If writing an article on strategies for a particular game, would a screenshot or two be considered copyright infringement, or would it come under "fair use?"
You should ask permission to use a screen shot as it could contain copyrighted information. Fair use usually does not cover commercial usage and a Hub with ads enabled would likely be commercial.
Sigh--dangit! and games are HARD to track down who the actual maker is... there are often 3 or more entities listed in the loading screen, and then complicated by "distributed by" in some cases, so knowing WHO actually owns the copyright would be a serious challenge.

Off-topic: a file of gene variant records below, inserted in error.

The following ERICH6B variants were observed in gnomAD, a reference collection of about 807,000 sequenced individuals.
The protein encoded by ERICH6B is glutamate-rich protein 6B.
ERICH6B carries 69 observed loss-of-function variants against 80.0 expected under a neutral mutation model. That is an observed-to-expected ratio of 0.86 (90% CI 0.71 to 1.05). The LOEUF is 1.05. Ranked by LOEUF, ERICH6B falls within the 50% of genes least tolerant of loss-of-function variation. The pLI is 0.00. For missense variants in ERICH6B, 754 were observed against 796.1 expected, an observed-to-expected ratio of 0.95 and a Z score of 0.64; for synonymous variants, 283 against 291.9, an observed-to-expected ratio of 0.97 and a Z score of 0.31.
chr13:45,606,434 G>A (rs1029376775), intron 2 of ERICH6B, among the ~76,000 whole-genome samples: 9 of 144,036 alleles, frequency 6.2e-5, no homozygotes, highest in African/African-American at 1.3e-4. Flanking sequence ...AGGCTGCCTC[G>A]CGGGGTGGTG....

Actually writing a guide is kind of promotional. Most gaming companies wouldn't mind. But then again it's your decision. I would go for it. There are so many tutorials out there and most people never asked for permission to take screenshots. Unless the stuff is confidential, I don't see a problem with a strategy guide.
Right--I could see a problem if one was exposing part of the programming code--but a single screenshot of a small section of the game? And a still, not even a video, so no one should be able to reverse engineer the action...
I'll think about it..thanks.
"Commercial" use in the sense that it will appear in a for-profit publication does not necessarily mean the content doesn't fall under fair use. Here is a quote from the Stanford University site (fairuse.stanford.edu/overview/releases/when/):